Net lending

(right scale)



-2



40



-3

20



1990



1991



1992



1993



1994



1. OECD preliminary estimates for 2002.

Source: OECD.



© OECD 2003



1995



1996



1997



1998



1999



2000



2001



2002



-4



38



OECD Economic Surveys: Ireland



in the high growth era facilitated substantial changes to the tax parameters, and

this has added potential sources of forecast error during the on-going transition

period. Significant recent changes include the introduction of a system of tax credits, individualisation, harmonisation of corporation tax rates and a move to a calendar tax year. There was an additional difficulty of forecasting economic growth in

an increasingly uncertain global environment. On the expenditure side, on the

other hand, while there was a non-negligible over-run in 2001, spending was

contained within budget in 2002.

The preparation of the 2001 budget was based on the assumption of

continued high growth. The entire package of tax cuts and expenditure increases

was assessed at that time to be roughly neutral by the OECD (OECD, 2001) or

expansionary by at least 0.5 per cent of GDP by the European Union (Council

Opinion on the 2000 the Stability Programme). The pertinent question was

whether any injection of fiscal stimulus was appropriate for the Irish economy at

that juncture. This was the main concern of the European Union, and its dispute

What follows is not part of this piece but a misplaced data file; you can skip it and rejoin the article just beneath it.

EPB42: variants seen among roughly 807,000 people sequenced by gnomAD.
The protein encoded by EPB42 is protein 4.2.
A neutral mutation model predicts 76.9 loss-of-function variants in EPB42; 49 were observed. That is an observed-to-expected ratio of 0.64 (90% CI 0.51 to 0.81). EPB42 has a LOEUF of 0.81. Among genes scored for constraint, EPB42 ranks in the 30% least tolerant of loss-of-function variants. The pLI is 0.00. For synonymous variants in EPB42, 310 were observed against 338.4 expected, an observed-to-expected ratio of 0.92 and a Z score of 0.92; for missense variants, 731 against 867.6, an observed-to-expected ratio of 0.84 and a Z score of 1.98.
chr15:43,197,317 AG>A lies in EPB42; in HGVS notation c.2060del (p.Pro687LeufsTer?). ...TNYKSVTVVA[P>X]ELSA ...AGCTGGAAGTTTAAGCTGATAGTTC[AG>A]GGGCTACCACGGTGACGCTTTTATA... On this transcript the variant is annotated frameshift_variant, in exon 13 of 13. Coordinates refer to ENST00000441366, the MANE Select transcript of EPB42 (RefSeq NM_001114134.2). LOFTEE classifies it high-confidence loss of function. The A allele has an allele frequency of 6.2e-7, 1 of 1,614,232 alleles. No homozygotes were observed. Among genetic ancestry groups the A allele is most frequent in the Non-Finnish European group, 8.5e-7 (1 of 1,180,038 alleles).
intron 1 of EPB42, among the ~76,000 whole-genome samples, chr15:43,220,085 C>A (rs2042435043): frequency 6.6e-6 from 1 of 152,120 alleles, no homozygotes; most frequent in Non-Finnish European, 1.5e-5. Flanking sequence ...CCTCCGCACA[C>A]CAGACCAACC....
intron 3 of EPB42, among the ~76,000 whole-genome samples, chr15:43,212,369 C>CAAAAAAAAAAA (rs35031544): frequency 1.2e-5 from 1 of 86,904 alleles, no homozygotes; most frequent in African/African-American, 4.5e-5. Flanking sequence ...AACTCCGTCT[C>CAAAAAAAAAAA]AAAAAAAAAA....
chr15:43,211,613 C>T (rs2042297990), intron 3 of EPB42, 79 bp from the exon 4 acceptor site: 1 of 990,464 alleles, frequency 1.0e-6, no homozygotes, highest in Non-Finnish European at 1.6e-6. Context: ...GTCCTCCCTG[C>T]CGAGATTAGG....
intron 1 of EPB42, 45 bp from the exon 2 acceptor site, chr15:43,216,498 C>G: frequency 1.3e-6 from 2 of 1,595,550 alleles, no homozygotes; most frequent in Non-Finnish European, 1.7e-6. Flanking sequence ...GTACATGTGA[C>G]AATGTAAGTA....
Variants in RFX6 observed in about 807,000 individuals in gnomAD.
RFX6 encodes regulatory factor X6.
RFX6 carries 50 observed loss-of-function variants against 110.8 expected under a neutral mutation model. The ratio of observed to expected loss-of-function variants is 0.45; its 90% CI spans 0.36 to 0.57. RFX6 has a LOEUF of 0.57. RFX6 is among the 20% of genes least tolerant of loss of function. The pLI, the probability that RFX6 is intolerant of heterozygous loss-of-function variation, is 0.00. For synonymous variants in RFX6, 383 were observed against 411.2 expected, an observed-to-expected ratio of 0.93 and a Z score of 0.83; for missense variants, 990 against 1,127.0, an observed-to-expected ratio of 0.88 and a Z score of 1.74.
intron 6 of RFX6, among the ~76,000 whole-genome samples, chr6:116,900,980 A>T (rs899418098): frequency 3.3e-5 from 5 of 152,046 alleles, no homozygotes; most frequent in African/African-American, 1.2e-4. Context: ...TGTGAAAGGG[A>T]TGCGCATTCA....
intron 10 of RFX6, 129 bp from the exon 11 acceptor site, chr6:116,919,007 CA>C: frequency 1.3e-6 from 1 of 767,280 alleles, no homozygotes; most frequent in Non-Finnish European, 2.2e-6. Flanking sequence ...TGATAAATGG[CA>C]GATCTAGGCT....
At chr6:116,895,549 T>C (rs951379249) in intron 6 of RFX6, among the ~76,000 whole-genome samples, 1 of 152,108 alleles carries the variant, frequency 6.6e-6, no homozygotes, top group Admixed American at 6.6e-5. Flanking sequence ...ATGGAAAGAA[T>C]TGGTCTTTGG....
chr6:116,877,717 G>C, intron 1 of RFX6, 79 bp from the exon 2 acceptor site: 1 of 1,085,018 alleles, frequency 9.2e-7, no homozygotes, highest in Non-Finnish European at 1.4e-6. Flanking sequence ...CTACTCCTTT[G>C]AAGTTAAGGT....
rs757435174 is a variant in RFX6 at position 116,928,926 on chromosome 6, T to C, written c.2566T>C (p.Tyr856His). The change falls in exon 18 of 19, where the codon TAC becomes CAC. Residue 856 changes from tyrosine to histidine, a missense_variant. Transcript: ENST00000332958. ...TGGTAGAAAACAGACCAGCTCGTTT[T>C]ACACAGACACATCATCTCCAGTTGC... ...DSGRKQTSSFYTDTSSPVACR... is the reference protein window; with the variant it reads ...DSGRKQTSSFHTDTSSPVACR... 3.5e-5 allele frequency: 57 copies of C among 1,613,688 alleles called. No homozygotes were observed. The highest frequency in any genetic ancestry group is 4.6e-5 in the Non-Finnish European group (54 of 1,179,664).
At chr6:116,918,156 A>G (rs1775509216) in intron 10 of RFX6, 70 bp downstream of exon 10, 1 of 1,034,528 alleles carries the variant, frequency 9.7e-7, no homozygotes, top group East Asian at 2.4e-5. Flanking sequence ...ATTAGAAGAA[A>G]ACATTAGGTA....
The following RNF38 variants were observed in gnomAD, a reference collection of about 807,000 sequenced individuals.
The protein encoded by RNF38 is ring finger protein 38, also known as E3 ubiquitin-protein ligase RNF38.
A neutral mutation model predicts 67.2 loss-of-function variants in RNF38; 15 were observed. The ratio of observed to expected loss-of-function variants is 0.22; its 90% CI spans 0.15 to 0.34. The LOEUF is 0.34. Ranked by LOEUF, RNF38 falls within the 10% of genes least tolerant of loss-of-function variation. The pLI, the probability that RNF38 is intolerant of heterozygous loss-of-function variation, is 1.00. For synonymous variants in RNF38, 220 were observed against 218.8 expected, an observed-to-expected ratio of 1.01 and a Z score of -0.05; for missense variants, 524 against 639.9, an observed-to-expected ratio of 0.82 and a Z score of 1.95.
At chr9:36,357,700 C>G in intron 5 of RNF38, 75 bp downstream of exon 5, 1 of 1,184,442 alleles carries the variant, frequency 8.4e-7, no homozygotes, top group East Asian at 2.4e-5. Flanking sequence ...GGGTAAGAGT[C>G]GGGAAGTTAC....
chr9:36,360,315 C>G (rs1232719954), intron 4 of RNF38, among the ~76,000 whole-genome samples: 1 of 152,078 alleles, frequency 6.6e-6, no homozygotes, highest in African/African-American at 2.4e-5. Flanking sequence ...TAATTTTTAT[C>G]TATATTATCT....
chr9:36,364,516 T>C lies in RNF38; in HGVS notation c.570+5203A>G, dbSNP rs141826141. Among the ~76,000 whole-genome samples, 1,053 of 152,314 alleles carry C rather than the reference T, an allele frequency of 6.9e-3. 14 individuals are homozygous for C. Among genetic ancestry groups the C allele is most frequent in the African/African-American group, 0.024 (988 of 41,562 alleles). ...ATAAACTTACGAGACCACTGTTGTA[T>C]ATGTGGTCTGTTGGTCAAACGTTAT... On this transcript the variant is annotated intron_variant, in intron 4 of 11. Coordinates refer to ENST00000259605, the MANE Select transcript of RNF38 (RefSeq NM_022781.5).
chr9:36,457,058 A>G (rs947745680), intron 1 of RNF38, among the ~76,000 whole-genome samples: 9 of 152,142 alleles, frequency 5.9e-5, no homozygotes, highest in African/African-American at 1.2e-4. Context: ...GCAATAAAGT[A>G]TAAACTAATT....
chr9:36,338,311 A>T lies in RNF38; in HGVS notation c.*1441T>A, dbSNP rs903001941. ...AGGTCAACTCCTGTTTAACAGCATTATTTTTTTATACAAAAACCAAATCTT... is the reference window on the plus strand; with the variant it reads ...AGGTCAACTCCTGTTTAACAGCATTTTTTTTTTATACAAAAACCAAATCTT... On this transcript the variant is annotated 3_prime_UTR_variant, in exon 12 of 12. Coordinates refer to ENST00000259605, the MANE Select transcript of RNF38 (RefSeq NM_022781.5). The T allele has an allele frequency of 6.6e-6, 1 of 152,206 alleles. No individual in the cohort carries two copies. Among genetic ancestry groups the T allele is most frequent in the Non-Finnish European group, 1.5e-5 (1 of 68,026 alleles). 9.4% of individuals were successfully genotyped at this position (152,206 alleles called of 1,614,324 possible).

with the Irish authorities revolved around the fundamental uncertainty about what

economic stage Ireland was at.

The 2001 budget, however, introduced a special savings incentive scheme

that could have a dampening effect on inflationary pressures present in the overheating economy at the time, even though the primary objective of this measure

was to encourage people to save a larger part of their disposable income in the

longer term to partially redress the problem of undersaving for retirement and

other foreseeable contingencies (see Box 2 for a description of this scheme and its

take-up and possible cost to the Exchequer out to 2007). It however remains to be

seen to what extent the scheme has reached the objective, that is, encouraging

more savings in the economy, while costs to the Exchequer could be large. This is

because of non-negligible probability that individuals switch savings from other

saving instruments to the new scheme rather than actually saving additionally.

The 2002 budget was aiming at providing a modest fiscal stimulus to the

economy. The general government surplus was forecast to decline from 1.4 per

cent of GDP in 2001 to 0.7 per cent in 2002. But there was a marked slowdown in

projected tax revenue growth, and the expenditure measures announced were

considerably more generous than previously anticipated. Total spending was forecast to rise by 11.6 per cent. Current spending undershot, but undershooting of

revenues was greater. The depressing impact of the Special Savings Incentive

Accounts (SSIAs) on income tax receipts was particularly notable.

The 2003 budget marked a return to a more orthodox mix of tax increase

and spending growth restraint. The downward revisions in forecast economic

growth has meant that, unlike previous years, it was no longer possible to increase

expenditure while at the same time reducing tax rates. The budget outlined a

number of additional spending initiatives to those contained in the annual Public



© OECD 2003